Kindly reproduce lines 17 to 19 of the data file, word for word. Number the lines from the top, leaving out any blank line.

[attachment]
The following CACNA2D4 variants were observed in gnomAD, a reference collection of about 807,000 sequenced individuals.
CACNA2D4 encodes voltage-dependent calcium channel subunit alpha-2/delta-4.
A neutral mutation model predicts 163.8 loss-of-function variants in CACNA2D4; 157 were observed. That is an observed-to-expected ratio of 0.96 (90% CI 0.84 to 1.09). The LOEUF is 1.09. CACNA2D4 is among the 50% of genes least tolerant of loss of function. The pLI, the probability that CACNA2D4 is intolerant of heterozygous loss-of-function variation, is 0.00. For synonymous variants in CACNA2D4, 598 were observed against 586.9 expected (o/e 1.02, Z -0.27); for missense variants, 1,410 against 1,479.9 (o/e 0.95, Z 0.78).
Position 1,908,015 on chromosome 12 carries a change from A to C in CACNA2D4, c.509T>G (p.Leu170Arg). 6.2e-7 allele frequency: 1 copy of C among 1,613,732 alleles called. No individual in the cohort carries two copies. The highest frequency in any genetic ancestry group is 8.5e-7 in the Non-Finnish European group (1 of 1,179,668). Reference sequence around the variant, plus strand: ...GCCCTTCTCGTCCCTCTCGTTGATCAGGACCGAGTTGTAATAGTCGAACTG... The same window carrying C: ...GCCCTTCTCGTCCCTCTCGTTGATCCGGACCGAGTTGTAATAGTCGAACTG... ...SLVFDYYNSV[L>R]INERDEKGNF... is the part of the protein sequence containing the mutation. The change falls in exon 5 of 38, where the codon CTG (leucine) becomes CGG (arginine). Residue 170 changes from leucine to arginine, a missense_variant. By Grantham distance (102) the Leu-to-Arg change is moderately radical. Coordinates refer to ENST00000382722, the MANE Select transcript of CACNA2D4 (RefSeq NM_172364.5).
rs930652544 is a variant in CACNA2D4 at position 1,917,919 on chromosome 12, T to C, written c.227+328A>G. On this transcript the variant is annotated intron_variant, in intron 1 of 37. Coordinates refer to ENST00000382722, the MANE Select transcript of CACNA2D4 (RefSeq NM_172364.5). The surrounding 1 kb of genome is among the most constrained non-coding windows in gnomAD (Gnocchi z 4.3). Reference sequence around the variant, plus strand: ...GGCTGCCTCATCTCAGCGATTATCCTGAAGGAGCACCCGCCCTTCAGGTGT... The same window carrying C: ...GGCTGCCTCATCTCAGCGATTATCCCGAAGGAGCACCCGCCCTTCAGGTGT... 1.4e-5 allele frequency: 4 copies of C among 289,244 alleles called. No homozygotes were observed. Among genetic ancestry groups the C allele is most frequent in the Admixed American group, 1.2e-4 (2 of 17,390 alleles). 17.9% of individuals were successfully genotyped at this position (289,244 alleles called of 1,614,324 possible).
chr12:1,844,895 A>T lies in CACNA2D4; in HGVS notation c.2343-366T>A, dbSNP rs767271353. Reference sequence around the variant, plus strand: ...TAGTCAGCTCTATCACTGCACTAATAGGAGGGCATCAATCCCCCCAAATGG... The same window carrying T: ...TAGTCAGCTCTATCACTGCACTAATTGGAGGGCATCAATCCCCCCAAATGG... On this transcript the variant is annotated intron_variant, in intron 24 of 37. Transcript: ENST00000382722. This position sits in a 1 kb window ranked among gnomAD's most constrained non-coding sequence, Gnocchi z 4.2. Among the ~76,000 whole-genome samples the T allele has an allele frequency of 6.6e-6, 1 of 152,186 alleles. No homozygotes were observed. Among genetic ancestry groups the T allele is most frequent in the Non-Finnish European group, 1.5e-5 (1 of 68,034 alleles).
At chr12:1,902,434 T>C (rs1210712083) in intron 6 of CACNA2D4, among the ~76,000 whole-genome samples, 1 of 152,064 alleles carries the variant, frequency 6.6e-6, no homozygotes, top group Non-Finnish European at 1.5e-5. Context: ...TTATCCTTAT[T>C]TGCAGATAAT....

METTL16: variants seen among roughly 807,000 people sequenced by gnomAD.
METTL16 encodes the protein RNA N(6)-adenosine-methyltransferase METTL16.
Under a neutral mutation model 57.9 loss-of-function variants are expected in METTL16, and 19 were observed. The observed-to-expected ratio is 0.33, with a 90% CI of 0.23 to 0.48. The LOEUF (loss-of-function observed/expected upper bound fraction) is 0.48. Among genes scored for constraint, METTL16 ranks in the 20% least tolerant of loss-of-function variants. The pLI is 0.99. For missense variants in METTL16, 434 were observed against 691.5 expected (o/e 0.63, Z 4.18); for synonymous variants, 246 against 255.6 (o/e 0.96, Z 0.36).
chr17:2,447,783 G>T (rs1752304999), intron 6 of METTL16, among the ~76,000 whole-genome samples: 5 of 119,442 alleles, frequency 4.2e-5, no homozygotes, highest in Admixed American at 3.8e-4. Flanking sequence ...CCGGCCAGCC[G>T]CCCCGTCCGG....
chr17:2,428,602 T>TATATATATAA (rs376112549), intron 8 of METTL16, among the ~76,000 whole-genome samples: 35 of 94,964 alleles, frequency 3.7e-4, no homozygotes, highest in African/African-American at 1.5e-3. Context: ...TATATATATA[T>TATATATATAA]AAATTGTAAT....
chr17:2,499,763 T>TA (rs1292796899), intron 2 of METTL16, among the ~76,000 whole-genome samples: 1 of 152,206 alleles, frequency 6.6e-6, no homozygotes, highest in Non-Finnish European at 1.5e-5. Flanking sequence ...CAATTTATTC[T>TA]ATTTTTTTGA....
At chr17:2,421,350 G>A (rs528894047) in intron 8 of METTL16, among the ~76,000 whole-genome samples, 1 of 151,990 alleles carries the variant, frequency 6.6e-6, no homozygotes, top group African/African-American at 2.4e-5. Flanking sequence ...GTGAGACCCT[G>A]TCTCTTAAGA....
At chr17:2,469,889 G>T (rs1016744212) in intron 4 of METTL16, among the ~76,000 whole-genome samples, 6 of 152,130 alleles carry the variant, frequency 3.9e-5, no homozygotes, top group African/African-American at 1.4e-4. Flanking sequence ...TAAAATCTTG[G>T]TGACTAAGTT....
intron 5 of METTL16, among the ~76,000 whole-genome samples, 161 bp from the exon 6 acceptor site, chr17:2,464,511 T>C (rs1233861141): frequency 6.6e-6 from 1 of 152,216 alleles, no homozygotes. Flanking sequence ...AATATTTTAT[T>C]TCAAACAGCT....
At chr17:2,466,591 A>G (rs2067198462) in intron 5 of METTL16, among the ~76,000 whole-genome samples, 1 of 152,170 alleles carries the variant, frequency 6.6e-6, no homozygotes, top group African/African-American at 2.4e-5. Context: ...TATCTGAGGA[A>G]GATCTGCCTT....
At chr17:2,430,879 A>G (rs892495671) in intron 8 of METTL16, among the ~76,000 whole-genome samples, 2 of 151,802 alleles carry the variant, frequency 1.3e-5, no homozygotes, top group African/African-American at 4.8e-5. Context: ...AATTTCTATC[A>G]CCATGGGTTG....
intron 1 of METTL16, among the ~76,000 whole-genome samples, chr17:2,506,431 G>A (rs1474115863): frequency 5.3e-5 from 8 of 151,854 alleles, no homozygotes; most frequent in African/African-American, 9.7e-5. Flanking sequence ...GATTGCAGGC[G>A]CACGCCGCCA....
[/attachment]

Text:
At chr17:2,466,591 A>G (rs2067198462) in intron 5 of METTL16, among the ~76,000 whole-genome samples, 1 of 152,170 alleles carries the variant, frequency 6.6e-6, no homozygotes, top group African/African-American at 2.4e-5. Context: ...TATCTGAGGA[A>G]GATCTGCCTT....
At chr17:2,430,879 A>G (rs892495671) in intron 8 of METTL16, among the ~76,000 whole-genome samples, 2 of 151,802 alleles carry the variant, frequency 1.3e-5, no homozygotes, top group African/African-American at 4.8e-5. Context: ...AATTTCTATC[A>G]CCATGGGTTG....
intron 1 of METTL16, among the ~76,000 whole-genome samples, chr17:2,506,431 G>A (rs1474115863): frequency 5.3e-5 from 8 of 151,854 alleles, no homozygotes; most frequent in African/African-American, 9.7e-5. Flanking sequence ...GATTGCAGGC[G>A]CACGCCGCCA....